The Unexplained: The Mysterious Michelangelo

A Portrait of Michelangelo. Image from Michelangelo.org.

Michelangelo’s work was a great influence on Western art and he and da Vinci were considered the most accomplished artists of their time.

What are your impressions of the great master artist, Michelangelo?  There are many portraits of him – they all seem to look similar.

Have you noticed in the portraits that his nose seems somewhat mashed, disfigured?  A fellow pupil at the Platonic Academy, where he studied, is responsible.  He struck him on the nose during an argument when he was seventeen.

Is it true that Michelangelo and the rest of the Buonarrotis are descended from a countess?  That is their assertion—Countess Mathilde of Canossa is their direct ancestor, but it has never been proven.

Michelangelo’s full name is Michelangelo de Lodovico Buonarroti Simoni and he was born in what is now Tuscany, near Florence, on March 6, 1475.  He was born into a long line of family bankers.  When banking was failing due to the area’s economical climate, Michelangelo’s father took a government position.

Between the year of his birth and when he was about six, Michelangelo’s mother became chronically ill and she succumbed to her sickness.

Sara Marie Hogg

Michelangelo moved to Settignano in Florence to live with a nanny whose husband was a stone cutter.  Michelangelo’s father owned a farm and a quarry there.  Being near the quarry and watching the stone cutter is where Michelangelo got his feel for marble.  He loved it.

He did not have much interest in grammar studies or regular schooling.  He preferred to mingle with the many painters in the area and copy paintings.

Florence was becoming the arts and culture center for all of Italy and there were many guilds.  Old churches of the area were filled with the classic works of Giotto and Masaccio.  Michelangelo spent a great deal of time copying their work to gain experience.

When Michelangelo was thirteen he was apprenticed to Domenico Ghirlandaio.  Ghirlandaio was in a group of masters that were being charged with decorating the Sistine Chapel.  When he was fourteen, his father asked that he be paid something for his work.  The request was granted.  Two of the apprentices were selected to assist in the chapel and Michelangelo was one of them.

As he got a little older he began attending the Platonic Academy which was influenced by the greatest writers and philosophers of the time, so Michelangelo was steeped in all this culture.  Between 1490 and 1492, he sculpted his first marble relief, the beautiful Madonna of the Steps.

This great artist has come to be known as simply Michelangelo and he was an Italian master of painting, sculpting, architecture, and poet of the High Renaissance.  His work was a great influence on Western art and he and da Vinci were considered the most accomplished artists of their time.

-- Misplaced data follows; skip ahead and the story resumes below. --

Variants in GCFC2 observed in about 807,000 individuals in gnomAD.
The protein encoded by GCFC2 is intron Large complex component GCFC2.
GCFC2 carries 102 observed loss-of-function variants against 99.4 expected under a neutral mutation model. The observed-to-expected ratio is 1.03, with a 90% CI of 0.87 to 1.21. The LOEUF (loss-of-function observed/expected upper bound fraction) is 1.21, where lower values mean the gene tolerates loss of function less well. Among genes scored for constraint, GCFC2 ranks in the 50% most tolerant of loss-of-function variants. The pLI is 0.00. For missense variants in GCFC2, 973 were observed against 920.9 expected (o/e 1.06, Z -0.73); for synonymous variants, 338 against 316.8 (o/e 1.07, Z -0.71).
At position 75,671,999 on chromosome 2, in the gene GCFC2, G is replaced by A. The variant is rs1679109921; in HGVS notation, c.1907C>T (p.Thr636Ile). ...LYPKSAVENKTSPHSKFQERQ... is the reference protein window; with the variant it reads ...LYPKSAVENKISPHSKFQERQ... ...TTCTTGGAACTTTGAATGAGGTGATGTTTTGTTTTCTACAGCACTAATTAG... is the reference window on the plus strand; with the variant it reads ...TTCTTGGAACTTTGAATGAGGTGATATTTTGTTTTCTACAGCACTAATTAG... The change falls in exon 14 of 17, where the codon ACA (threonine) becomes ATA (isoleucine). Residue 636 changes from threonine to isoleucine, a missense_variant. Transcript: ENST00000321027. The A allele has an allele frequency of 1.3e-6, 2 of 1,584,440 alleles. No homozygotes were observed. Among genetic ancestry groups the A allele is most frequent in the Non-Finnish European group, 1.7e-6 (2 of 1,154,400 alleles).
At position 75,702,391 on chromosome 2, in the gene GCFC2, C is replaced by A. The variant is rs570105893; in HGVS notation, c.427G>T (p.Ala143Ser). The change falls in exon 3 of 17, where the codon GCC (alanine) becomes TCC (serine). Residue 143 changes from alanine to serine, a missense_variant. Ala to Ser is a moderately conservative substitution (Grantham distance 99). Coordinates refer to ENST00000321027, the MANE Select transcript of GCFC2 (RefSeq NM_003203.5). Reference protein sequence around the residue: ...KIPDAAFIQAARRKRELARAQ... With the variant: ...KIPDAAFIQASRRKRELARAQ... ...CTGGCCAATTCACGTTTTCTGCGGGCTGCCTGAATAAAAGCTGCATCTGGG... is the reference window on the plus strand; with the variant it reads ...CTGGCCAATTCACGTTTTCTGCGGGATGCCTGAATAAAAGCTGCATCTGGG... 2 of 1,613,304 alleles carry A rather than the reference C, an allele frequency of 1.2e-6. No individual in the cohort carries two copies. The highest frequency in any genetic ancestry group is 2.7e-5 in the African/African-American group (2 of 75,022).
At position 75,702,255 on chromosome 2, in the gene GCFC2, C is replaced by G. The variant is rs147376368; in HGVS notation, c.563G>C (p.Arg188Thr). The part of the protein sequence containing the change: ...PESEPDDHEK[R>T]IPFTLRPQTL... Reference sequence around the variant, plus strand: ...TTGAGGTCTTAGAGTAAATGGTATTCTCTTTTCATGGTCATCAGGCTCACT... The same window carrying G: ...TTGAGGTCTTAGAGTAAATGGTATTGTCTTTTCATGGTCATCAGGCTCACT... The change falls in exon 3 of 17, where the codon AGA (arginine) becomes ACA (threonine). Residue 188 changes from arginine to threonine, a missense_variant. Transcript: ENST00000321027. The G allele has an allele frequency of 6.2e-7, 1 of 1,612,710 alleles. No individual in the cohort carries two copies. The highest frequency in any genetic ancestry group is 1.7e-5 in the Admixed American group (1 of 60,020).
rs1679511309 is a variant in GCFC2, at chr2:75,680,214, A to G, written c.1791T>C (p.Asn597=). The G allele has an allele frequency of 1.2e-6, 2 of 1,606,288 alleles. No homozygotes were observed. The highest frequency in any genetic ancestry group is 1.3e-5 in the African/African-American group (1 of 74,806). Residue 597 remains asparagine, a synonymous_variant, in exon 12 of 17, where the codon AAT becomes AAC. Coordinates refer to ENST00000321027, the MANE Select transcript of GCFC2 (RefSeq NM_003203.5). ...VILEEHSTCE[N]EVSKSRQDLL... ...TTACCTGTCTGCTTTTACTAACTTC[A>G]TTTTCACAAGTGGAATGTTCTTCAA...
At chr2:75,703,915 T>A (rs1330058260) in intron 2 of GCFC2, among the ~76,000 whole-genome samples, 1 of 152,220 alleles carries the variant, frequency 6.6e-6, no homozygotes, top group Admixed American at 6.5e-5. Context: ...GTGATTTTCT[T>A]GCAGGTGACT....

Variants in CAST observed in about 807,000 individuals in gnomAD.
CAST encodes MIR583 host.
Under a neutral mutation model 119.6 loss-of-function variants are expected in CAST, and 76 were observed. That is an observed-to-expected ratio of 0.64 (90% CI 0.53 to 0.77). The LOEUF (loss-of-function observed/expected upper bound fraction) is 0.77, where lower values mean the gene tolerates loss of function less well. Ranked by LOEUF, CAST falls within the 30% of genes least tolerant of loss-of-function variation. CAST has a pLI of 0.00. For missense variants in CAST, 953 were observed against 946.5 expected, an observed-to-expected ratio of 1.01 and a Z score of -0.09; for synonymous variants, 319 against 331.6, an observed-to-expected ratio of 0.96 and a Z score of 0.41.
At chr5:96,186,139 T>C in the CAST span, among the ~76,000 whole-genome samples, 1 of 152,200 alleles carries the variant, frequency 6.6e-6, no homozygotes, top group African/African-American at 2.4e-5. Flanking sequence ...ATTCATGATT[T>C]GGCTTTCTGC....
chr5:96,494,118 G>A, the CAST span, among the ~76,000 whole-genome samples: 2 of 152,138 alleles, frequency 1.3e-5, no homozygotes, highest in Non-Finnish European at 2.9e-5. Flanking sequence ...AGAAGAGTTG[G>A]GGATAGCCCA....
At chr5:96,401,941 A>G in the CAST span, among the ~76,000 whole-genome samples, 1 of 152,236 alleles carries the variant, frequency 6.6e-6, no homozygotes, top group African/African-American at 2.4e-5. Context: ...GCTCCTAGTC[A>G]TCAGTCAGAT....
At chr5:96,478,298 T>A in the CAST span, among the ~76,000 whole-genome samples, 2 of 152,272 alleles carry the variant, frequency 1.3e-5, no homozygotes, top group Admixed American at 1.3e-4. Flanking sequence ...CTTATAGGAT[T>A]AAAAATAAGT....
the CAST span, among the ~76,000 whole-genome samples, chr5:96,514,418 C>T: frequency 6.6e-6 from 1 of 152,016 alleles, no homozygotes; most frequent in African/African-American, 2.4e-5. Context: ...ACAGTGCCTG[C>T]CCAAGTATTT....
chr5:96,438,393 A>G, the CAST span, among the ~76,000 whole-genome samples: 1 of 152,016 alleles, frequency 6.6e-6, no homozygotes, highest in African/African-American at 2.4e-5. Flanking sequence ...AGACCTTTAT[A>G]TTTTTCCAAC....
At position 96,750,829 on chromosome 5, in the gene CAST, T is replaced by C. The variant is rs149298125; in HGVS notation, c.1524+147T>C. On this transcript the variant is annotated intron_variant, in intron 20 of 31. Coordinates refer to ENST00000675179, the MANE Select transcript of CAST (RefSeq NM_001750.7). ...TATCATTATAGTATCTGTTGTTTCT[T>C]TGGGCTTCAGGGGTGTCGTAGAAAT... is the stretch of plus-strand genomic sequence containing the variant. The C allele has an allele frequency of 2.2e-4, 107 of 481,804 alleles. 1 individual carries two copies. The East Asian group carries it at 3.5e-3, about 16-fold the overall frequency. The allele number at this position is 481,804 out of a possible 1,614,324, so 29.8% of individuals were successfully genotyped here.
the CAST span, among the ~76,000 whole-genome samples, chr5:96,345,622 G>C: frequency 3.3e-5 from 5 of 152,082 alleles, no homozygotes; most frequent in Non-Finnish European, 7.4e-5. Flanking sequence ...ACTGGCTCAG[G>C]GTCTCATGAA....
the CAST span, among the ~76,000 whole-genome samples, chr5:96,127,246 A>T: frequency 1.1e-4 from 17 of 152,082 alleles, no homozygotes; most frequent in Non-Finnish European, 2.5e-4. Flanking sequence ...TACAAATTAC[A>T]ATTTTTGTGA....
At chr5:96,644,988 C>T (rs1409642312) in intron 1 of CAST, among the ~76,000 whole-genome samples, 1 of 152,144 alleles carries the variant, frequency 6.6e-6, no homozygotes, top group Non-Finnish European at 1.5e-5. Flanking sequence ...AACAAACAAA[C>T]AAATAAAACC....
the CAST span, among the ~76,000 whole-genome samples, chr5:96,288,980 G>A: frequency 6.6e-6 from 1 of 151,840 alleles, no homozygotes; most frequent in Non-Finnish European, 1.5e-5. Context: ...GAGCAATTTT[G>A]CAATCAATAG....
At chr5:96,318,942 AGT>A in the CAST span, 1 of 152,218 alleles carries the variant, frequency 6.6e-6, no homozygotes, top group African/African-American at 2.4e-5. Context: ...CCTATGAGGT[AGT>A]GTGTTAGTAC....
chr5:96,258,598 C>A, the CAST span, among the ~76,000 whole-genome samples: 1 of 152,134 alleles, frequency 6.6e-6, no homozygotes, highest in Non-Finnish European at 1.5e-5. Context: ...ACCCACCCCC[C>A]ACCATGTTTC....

How have we learned so much about Michelangelo, a man who lived so long ago?  Well, two biographies were written about him in his own lifetime.  In addition, there are small mountains of artifacts, artwork, and surviving personal correspondence.  His major works are The Pieta, David, Sistine Chapel, Moses, and The Last Judgment.

He lived a long life, to age eighty-eight, and was successful despite his associations with the Medicis, who were often entangled in political turmoil.

Throughout his life he was aloof and did not make friends, concentrating on his work.  He even often walked off in the middle of conversations with people.  He had very poor social skills.  He had a hot temper and often got into arguments.

Like Alfred Hitchcock, he inserted his own likeness into some of his most famous works.  He worked right up until the week he died.  Somehow he was able to gain access to cadavers to dissect and study for anatomical purposes.  If he got angry he often defaced his own work to tweak the noses of clients.  He had a touch of orneriness.

When he died on February 18, 1564, he was entombed in the Basilica of Santa Croce, Florence.  His bones have never been disturbed.

Among many of Michelangelo’s remaining artifacts are three pairs of his personal footwear—two pairs of flat shoes and one pair of slippers.  Recently, scholars have discovered something interesting from examining his shoes.  There have been articles about the discovery in Smithsonian Magazine and science journals.

The September articles reveal the fact that his shoes have been analyzed by scholars from the Forensic Anthropology, Paleopathology, and Bioarchaeology Research Center, and by their scientific measurements and calculations, they have learned something.  Quite surprisingly, this man of huge stature in the art world was probably only five feet and two inches tall.

That may not have been conspicuously diminutive in the time of Michelangelo.  Humans were a little shorter then. It seems odd, now, when the average Italian male is a little over 5’ 8’ tall.  Another wonderful artist, Toulouse Lautrec was barely five feet tall and known for his small stature.

Giorgio Vasari, 1511-1574, a contemporary of Michelangelo, was a famed biographer of the day.  He proclaimed him to be wide across the shoulders but otherwise proportioned.  Painter, architect and writer, Giorgio wrote biographies of prominent artists of the day.  He often called Michelangelo The Divine One.

What I find most amazing of all this is that they still have some of Michelangelo’s shoes and other garments, found there in his home in Florence after his death.

SMH

Please click HERE to find Sara Marie Hogg’s Quite Curious on Amazon. It is a collection of true stories about the strange and unexplained.

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